So I’ve been asked this question a few times. How do you do Madison’s hair? What do you use to keep her hair moisturized and what about protective styling? What exactly is it? I’m going to say that I’m not an expert when it comes to hair, not even “black” hair which I’ve had all my life. I actually decided to go natural a few months ago and did the “big chop”. The big chop is where you cut all your relaxed hair off. In my case, I shaved my head bald and decided to grow it back naturally. It’s a process but I’ve learned to love the hair that I was born with and natural is truly the way to go for me. I’ve been wearing a lot of protective styling myself, from wigs to weaves to braids and I love it! But today I want to focus on Black Hair Care Protective Styling for Kids.
Luckily for Madison, her hair has always been natural but she has a mixture of textures. Living in New York City, I’ve never had a problem keeping my hair moisturized. Unfortunately for us here in Colorado, the altitude with lack of humidity keeps our hair really, really dry so I’ve been having to use products that highlight moisture as one of the key factors and also do styles that keep the moisture in.
Now one way that I’ve been helping to keep the moisture in after a wash is by doing Bantu Knots. These are really easy to do and you can find numerous YouTube tutorials that teach you how to do them. Right now I have been using the Just For Me Hair Milk Collection which I’ve found has been working really well for her. After you do a wash, you dry and add moisturizer to the hair and especially to the scalp. You detangle and part in as many, shape or size you want and twist and seal with a rubber band. Super easy and if you take the knots out you can leave it out for a day or two in a super all-natural curly style.
Now, this is by far one of the easiest. I was taught how to cornrow by a cousin of mine and practiced on my dolls until I got it right. There are so many styles you can do and while I’m not a professional, I tend to do a lot more up-do’s because they are super easy to do. You can also do them as small or big as you want. Cornrows can last for quite some time. I usually tend to keep them in for at least two weeks and they are perfect for vacationing. No need to worry about getting your hair done on a daily basis.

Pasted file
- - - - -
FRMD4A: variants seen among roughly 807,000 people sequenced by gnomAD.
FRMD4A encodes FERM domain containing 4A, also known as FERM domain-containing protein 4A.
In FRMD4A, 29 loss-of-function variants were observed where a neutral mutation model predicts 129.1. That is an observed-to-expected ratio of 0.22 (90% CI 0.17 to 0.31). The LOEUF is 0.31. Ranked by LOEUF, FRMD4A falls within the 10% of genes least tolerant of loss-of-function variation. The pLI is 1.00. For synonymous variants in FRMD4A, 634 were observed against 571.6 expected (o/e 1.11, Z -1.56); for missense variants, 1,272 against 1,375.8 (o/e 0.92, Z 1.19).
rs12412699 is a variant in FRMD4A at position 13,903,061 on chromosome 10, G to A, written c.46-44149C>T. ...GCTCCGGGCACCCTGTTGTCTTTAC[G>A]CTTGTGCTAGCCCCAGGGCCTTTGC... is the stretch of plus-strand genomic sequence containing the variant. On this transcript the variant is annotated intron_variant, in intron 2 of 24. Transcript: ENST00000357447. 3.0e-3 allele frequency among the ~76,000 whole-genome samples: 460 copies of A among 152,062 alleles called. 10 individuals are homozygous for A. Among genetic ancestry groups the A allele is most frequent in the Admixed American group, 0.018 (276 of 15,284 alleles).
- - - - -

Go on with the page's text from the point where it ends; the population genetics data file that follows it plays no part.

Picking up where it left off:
Now the newest thing to hit the scene is crochet braids. I’ve been experimenting with Madison’s hair with these. The hair is braided with cornrows beneath the crochet braids and while it’s almost like a weave, it is not sewed or glued so it’s a little bit easier on your natural hair. Also a lot more natural and perfect for kids.
Now there are tons of YouTube channels on how to take care of black hair. Lots of all-natural products that are suggested but to be honest, it’s what works for your hair. What works for me might not work for you and vice versa. We’ve tried lots of products and some work and some don’t. Since Madison’s hair is a lot different than mine I use a different product than she does in my hair. My hair tends to be drier than hers is so I really need the moisture. Here’s something else that works, a spray bottle with water and leave-in conditioner that you can spray as often as you want. Not only does it feel good on a hot day but your hair would love it too!
Let’s discuss: How do you protectively style your hair?